In such a context, I think of the words Paul wrote at the end of his life, by now elderly, to his faithful collaborator Timothy, whom he left as his successor in the community of Ephesus. The Apostle thanks the Lord Jesus for having called him to the ministry (cf. 1 Tm 1: 12); he confesses to have been “a blasphemer and a persecutor and a violent man”; yet – he says – “I was shown mercy” (1, 13). I confess to you that many times, many times, I stop at this verse. “I was shown mercy”. And this does great good to me, it gives me courage. So to say, I feel it like the embrace of the Father, the caresses of the Father. To repeat this, for me personally, gives great strength, because it is the truth: I too can say, “I was shown mercy”. The grace of the Lord was abundant in him; He acted so as to make him understand he was a sinner and, starting from there, made him discover the core of the Gospel. Therefore he writes. “This word is worthy of faith and of being received by all: Christ Jesus came to the world to save sinners, the first “Here is a trustworthy saying that deserves full acceptance: Christ Jesus came into the world to save sinners – of whom I am the worst. But for that very reason I was shown mercy so that in me, the worst of sinners, Christ Jesus might display His immense patience” (1: 15-16). The Apostle, at the end of his life, does not fail to recognize who he was, he does not hide his past. He could have made a list of his many successes, name the many communities he had founded… instead, he prefers to underline the experience that most struck him and marked his life. To Timothy he indicates the road to travel; to recognize God’s mercy first of all in one’s own personal existence. It is certainly not a matter of settling on the fact of being sinners, as if to want each time to justify, thus annulling the power of conversion. But we must always start from this fixed point: God treated me with mercy. This is the key to becoming God’s co-workers. One experiences mercy and becomes a minister of mercy. In short, the ministers do not place themselves above the others as if they were judges of their sinful brothers. A true missionary of mercy is reflected in the experience of the Apostle: God has chosen me; God trusts me; God has put His trust in me by calling me, despite being a sinner, to be His co-worker to make it real, effective and to allow His mercy to be touched by hand.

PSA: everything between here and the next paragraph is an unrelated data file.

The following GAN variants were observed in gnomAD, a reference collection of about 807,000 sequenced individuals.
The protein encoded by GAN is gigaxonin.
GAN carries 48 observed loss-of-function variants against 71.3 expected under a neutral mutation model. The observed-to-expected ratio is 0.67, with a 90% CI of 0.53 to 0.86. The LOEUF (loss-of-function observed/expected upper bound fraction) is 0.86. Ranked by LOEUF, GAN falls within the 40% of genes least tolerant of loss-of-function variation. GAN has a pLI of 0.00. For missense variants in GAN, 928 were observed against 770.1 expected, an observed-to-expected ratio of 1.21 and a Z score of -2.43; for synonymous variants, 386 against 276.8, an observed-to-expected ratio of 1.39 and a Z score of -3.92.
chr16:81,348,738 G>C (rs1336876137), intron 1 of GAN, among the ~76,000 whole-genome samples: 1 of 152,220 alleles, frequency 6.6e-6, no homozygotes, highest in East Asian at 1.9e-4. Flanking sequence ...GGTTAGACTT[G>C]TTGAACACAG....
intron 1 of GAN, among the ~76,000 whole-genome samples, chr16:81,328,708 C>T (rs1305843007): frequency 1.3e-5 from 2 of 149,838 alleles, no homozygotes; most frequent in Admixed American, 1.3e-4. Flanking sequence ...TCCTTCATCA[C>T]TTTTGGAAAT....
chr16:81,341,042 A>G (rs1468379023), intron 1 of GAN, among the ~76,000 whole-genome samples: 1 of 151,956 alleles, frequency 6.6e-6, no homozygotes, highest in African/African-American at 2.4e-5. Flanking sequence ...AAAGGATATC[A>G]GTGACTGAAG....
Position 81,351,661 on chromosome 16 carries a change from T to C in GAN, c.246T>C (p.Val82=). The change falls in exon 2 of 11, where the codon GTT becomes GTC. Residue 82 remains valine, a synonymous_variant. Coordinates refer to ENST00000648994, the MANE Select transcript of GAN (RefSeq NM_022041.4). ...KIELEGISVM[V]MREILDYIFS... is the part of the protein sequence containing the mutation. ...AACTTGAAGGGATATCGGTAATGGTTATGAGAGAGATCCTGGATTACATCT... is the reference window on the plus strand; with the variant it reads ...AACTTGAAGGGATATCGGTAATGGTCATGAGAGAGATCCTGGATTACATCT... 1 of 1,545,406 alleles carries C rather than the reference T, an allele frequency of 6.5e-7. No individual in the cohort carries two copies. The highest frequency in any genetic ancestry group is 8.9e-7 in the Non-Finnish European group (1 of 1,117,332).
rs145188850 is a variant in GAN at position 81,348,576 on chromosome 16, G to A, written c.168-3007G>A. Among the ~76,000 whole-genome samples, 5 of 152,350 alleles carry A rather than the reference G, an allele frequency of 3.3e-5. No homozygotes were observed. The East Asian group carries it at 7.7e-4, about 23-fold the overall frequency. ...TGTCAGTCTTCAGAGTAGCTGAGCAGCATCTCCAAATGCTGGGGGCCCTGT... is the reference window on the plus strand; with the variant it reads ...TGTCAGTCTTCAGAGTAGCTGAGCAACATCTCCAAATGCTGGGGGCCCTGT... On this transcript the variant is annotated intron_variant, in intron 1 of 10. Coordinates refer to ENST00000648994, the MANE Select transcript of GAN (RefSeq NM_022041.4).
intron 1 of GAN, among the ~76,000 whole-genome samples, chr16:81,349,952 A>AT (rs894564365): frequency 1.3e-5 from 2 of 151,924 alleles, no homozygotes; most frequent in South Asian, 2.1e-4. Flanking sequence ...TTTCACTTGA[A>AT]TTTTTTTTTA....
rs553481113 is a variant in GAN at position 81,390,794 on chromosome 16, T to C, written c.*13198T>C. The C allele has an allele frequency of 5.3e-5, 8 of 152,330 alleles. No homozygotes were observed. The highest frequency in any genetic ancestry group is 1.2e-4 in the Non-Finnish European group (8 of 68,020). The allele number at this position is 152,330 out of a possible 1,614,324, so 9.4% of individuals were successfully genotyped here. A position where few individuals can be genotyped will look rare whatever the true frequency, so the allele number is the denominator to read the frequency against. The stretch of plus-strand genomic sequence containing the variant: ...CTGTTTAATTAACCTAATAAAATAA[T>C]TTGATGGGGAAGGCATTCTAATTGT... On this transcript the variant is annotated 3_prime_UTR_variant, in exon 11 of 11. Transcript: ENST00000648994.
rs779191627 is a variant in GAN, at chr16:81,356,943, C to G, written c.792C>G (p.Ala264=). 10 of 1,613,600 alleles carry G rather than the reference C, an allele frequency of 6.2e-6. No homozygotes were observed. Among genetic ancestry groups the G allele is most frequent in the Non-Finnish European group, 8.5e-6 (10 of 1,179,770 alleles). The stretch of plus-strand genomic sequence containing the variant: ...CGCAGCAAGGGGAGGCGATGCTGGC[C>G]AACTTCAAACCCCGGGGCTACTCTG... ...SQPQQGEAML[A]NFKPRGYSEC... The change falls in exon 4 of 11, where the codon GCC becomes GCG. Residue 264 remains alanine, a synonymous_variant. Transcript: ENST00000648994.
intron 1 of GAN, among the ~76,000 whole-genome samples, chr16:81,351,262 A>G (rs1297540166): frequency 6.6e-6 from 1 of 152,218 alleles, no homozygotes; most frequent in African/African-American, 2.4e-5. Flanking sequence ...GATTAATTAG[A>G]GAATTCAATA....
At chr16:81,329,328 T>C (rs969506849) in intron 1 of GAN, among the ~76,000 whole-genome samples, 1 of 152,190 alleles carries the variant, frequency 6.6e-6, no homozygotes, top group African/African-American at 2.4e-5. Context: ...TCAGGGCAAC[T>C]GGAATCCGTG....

This is the starting point, let’s say. Let us continue.

Saint Paul, however, adds something extremely important to the words of the prophet Isaiah. How God’s collaborators and administrators of His mercy must pay attention not to nullify the grace of God. He writes: “We urge you not to receive God’s grace in vain” (2 Cor 6: 1). This is the first warning we are given: to recognize the action of grace and its primacy in our lives and people.